Translated for you: in India a village cook becomes a Youtube star

Translated for you: in India a village cook becomes a Youtube star

Village Food Factory is a YouTube channel that has reached 2 million subscribers: the protagonist is an Indian gentleman who cooks in the middle of a village.

The original article “The Indian filmmaker who made his dad’s village cooking a Youtube sensation” by Priya Krishna appears on The New Yorker. We have translated it for you.

Crouching on a dusty clod overhanging a field in Tamil Nadu, India , an elderly, barefoot, slender man wearing a lungi , a type of white sarong, holds a huge steel tray in his elderly man cooking large quantities of chicken legs in the middle of a fieldcontaining a hundred raw chicken legs , showing them to the camera who is filming it. He coats them with turmeric , a bright red chilli powder, garlic and yogurt , and then places a rusty wok over a small fire fueled by pieces of bark. Pour a puddle of oil into the wok and then arrange the spice-coated meat over the high flame. In the distance, animals whistle and bark and off-screen people can be heard muttering in Tamil. Once the stew is cooked, the man places glossy lumps of riceand plump legs on a very green banana leaf resting on the ground and devouring everything with gusto, taking the rice with your hands and gnawing at the bones. Chunks of chicken fall out of his mouth as he continues to look into the camera with a stern, satisfied expression.

The video , titled King of chicken legs / Using 100 chicken legs / Prepared by my daddy, has been viewed more than 16 million times on YouTube , 16 times the average population of the Theni region, a bucolic area of ​​Tamil Nadu where man, Jaymukh Gopinath , cooks gigantic meals in the open air, taken by his son Arumugan, amateur director. As is almost always the case with people who end up going viral, Arumugan – a lively 26-year-old who can only speak a few sentences in broken English in addition to Tamil – had not made up his mind to make his father a YouTube star. Arumugan lived in Chennai, the capital of Tamil Nadu, working as an assistant director in Tamil film productions, but the pay was so low that he could barely survive. So, in early 2016, he moved back to his native village and decided to start filming his father cooking simply because, he said verbatim: “ there was no need to pay him “.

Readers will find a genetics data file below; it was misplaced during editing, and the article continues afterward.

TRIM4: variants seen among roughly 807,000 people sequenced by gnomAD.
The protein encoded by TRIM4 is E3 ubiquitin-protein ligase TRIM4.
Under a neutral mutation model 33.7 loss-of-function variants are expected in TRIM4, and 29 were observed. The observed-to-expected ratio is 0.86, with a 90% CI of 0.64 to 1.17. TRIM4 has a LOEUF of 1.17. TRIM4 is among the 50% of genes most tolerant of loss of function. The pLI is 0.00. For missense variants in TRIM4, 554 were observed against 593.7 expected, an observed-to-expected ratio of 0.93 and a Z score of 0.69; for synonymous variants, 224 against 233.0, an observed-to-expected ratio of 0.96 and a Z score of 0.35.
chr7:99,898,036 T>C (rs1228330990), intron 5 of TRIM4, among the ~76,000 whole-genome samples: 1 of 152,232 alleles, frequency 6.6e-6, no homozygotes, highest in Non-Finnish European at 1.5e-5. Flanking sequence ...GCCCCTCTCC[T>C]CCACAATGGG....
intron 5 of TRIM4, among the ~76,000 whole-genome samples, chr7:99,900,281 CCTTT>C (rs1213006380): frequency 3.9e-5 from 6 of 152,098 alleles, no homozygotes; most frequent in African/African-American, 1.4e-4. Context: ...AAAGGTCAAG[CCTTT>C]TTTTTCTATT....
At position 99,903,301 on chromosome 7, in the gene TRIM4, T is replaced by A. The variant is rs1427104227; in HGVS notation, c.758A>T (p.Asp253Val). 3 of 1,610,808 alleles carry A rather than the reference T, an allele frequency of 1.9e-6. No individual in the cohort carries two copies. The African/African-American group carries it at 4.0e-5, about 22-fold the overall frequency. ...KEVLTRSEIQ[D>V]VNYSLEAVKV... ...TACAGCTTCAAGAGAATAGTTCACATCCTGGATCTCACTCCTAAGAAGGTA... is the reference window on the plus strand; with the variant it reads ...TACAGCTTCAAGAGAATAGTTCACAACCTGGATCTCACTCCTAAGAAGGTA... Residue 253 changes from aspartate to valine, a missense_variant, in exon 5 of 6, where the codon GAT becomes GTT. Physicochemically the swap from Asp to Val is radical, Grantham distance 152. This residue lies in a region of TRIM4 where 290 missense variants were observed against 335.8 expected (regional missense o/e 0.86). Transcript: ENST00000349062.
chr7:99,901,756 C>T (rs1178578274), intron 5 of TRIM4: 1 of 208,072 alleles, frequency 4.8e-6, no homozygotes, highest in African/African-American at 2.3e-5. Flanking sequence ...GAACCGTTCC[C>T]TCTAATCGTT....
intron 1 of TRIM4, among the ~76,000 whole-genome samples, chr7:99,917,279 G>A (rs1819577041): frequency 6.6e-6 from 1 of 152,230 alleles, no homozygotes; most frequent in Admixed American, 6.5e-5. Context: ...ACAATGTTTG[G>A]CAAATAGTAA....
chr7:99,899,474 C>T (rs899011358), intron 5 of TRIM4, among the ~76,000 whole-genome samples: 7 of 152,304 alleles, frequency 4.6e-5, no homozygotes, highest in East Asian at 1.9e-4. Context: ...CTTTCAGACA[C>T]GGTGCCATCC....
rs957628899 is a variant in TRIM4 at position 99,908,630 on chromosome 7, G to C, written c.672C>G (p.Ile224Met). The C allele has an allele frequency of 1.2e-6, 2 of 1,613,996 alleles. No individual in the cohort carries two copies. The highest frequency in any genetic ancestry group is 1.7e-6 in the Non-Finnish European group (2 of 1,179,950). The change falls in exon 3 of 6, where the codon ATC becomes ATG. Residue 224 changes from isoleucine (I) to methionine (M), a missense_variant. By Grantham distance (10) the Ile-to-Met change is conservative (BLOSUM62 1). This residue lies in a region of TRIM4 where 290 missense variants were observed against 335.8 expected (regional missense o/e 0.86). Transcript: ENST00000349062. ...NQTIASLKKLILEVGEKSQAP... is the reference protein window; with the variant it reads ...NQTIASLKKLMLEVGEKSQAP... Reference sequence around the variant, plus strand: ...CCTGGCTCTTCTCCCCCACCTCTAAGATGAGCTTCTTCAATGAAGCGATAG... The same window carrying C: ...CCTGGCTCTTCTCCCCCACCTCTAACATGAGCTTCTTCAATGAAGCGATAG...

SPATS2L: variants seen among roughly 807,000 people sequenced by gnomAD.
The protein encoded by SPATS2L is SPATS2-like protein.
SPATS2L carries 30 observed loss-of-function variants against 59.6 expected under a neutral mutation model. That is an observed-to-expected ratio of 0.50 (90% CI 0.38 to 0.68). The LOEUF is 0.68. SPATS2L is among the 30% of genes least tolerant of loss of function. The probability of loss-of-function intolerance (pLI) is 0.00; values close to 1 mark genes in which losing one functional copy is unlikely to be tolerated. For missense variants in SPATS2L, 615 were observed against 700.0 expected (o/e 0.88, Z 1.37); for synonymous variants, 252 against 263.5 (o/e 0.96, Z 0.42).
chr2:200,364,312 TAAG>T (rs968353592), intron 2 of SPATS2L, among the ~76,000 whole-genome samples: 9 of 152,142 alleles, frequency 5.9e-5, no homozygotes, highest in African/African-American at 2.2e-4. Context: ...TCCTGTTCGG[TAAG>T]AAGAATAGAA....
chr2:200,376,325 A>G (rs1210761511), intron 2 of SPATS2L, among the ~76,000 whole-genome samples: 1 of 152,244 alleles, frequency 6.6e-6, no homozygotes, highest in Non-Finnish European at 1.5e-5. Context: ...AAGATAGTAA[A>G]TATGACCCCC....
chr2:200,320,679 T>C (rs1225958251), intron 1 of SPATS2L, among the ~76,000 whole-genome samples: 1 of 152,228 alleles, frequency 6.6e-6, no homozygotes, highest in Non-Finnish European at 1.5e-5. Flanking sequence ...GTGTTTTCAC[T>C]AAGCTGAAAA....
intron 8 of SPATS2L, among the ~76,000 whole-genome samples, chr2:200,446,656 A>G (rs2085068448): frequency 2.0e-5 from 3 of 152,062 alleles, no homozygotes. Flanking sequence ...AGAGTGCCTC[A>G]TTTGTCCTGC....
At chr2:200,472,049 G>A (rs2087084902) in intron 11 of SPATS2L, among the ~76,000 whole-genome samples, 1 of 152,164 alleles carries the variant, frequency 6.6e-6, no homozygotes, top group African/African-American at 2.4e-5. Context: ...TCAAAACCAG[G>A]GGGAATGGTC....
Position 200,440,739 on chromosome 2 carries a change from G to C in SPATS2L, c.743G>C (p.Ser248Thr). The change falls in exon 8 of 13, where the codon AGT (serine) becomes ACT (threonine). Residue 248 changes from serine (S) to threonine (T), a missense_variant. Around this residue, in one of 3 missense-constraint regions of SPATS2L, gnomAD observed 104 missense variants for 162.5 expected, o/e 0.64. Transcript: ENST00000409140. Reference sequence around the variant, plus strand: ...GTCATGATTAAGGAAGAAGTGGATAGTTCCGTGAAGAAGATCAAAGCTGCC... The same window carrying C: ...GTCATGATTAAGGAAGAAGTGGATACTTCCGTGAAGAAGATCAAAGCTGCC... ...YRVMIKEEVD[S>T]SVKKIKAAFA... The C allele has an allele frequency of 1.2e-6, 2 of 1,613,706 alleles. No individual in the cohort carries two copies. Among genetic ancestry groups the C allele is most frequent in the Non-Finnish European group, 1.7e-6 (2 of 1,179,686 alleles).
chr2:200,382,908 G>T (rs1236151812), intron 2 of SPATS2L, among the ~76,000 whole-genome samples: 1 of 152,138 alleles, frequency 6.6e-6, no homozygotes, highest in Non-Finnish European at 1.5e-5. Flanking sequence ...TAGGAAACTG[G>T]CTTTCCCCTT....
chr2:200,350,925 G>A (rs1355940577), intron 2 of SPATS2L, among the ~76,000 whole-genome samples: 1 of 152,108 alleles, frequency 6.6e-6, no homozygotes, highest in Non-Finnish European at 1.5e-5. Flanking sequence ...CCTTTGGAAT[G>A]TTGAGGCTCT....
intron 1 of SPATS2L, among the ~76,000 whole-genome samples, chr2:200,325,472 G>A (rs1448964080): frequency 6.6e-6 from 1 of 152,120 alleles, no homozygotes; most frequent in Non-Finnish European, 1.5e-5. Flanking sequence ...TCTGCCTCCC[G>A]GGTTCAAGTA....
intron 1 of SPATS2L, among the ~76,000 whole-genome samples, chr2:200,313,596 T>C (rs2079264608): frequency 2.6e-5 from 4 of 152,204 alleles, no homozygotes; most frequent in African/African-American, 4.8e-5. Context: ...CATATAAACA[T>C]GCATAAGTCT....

Jaymukh, 62, learned to cook decades ago when she was selling textiles door-to-door. He could never find food that was to his liking while on a business trip, and that’s when he learned to cook simple dishes for himself . After his marriage to Selvi, Arumugan’s mother, in 1990, settled in Chengalpattu, where the locals were so impressed with his way of cooking that they forced him to open a dhaba, a roadside kiosk specializing in biryani. . Amurugan takes pride in his childhood memories of his father’s cooking. “ I remember coming home from school and my dad made pepper crabs ,” says Arumugan. Jaymukh often cooked outdoors for the whole family, as his father did before him.

In Arumugan’s first video, posted on YouTube on July 24, 2016, Jaymukh cooks crabs in a stew over an open flame, with a huge waterfall roaring behind him.the arumugan channel has reached 2 million subscribersArumugan remembers that after a few days the video was only seen a fortnight and that it only started to catch on after he asked his friends to watch it. The father / son duo have since made hundreds of videos, with Jaymukh making everything from stewed lamb’s head complete  with eyeballs simmering among the chillies, to fast food style, with which he stuffs typical sandwiches, interspersed with slices of American cheese. In less than 2 years, according to Arumugan, his YouTube channel, Village Food Factory, has garnered 2 million subscribers and earned the whole family more than seven million rupees, roughly a hundred thousand dollars, with revenue from advertising – what in India is a small fortune.